Wednesday, November 26, 2014

India - Darjeeling and Sikkim: Part 3

The next day, we visited Yuksom in Sikkim, and went to Norbugang.
There are 4 stone seats beneath an ancient pine tree. This was the coronation throne of Sikkim's first King in 1641.

The garden which surrounds this place is really peaceful.
We visited a nearby village - see how they're drying the corn for the winder just under the roof.
The block of wood at the bottom right corner of the house is actually a beehive, and the villagers can collect honey from the hive.
Dropped by an orphanage - the kids were having lunch of buttered rice, and they are impressively well behaved.
They took turns washing their plates and cutlery at the tap outside the kitchen.
Spotted NYJC's adopted orphanage - brightly decorated walls for the children staying there.
We also visited Khecheopalri Lake, which is a sacred lake. Its supposed to have wish fulfilling powers - hopefully it does so that all my wishes (that I wished there) will come true!
The locals believe that no leaf which falls into the lake will remain there. The day we went to the lake, it was drizzling so we weren't able to see the mountain range behind.
Met a friendly but very hungry cat there.
The next day, we got up bright and early and dragged everyone to watch the sunrise (again). Sadly, it was way too cloudy and we could barely see the sun peeping out from behind the clouds.

After unsuccessfully trying to watch the sunrise, we went for a short walk up to the Sanga Choeling Monastery.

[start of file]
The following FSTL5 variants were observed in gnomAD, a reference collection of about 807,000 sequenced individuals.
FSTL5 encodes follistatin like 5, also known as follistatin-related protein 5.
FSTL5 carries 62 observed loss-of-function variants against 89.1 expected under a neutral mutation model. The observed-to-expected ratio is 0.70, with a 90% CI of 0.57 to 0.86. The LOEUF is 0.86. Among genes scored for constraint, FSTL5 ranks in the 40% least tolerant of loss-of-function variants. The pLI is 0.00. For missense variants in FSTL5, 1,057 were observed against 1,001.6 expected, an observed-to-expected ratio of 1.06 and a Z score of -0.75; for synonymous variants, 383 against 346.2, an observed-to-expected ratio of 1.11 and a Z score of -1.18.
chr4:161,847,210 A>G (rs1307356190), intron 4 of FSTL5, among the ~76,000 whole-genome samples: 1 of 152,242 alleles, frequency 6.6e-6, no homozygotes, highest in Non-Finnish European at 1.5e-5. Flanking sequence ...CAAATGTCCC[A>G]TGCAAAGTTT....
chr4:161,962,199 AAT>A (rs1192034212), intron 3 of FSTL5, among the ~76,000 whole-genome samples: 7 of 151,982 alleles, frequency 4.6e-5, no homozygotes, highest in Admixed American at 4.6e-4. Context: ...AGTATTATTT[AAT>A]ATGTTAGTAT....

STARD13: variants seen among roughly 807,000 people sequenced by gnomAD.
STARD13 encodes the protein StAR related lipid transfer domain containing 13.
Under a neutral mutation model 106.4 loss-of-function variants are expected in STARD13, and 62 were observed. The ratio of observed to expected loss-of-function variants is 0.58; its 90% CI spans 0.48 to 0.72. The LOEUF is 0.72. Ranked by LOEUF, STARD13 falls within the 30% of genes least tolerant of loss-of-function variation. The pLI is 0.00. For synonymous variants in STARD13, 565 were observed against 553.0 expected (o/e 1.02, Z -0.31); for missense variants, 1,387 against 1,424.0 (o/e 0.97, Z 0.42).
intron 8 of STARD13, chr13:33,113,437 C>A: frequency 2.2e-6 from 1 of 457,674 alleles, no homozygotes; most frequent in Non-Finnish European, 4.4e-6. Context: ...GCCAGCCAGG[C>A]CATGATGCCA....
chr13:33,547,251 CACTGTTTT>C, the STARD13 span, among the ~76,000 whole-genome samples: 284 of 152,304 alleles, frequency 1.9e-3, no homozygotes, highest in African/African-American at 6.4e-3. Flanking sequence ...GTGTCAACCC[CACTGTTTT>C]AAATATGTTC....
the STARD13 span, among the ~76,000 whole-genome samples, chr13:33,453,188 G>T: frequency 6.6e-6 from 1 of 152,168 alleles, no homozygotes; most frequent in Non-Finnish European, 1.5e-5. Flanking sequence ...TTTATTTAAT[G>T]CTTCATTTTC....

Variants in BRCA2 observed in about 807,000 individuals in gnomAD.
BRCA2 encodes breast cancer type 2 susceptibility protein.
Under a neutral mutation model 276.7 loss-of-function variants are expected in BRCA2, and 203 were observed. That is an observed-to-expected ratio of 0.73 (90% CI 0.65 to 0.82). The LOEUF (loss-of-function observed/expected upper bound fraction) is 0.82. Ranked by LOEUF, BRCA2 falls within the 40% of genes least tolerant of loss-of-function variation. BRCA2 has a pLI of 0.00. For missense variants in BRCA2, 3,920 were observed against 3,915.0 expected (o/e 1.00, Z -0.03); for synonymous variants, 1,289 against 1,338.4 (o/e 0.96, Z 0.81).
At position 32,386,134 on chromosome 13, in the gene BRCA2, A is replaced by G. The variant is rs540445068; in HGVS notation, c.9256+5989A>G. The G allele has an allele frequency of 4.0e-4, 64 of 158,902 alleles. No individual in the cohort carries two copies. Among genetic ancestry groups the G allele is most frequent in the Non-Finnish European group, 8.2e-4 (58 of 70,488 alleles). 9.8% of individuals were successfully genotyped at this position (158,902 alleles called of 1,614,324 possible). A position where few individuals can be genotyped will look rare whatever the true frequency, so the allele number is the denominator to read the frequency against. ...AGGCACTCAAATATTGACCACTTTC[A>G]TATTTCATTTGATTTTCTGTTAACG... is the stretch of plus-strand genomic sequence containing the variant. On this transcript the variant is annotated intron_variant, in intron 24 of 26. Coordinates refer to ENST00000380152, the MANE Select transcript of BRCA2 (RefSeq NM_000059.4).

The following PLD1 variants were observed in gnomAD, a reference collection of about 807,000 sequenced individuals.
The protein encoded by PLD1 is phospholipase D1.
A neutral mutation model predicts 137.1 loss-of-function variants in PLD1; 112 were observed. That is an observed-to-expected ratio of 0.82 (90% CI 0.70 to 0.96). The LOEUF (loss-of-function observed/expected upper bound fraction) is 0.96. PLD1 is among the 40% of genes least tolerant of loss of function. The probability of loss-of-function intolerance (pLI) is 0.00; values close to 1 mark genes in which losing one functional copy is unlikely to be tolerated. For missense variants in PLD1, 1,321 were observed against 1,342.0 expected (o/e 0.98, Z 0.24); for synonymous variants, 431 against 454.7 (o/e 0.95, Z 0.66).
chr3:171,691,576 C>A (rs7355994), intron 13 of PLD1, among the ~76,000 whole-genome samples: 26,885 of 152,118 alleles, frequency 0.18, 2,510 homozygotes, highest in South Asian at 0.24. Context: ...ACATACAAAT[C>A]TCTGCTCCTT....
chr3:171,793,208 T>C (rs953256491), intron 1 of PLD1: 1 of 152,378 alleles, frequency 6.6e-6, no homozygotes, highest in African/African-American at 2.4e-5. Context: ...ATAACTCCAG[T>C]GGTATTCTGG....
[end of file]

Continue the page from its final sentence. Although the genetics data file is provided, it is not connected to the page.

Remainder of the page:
It's a rather steep climb up a rocky road, I wonder how the locals do it (especially the elderly people, but I suppose that they are much hardier than Singaporeans).  The views from the Monastery are spectacular. Can you imagine waking up to the Kachenjanga mountain range every morning and breathing ultra fresh air. I might be able to live to a hundred.
We were very fortunate to visit the monastery during a festival, and they had invited 2000+ villagers for a meal at the monastery.
This is their outdoor kitchen, where there were many people helping with the food preparation. 
Here, they are making something similar to mantous, with spring onion and parsley. 
They were very friendly and we got to try making the mantous and the momos, which is actually quite technically difficult (my momos were all deformed and looked like an ugly caterpillar). 

Found a butterfly on the ground - it was probably quite cold in the morning and it was rather sluggish, but finally managed to fly away after resting for a while.
Stupas in the monastery. 
We also ate some of their local snacks - I really like the flower snack right in front - it's available in Singapore but I'm not sure what it's called.

Monday, November 24, 2014

India - Darjeeling and Sikkim: Part 2

After spending 2 days in Darjeeling, we drove to Gangtok, the capital of Sikkim.
Along the way, we saw a peaceful student protest. I think it was for free education or something. The local police were directing the traffic and not trying to arrest everyone.
We visited the Buddha Park, which was built in commemoration of the 2550th Birth Anniversary of the Gautama Buddha. It was quite cloudy that day, if not we would have been able to see the spectacular mountain ranges behind the Buddha statue.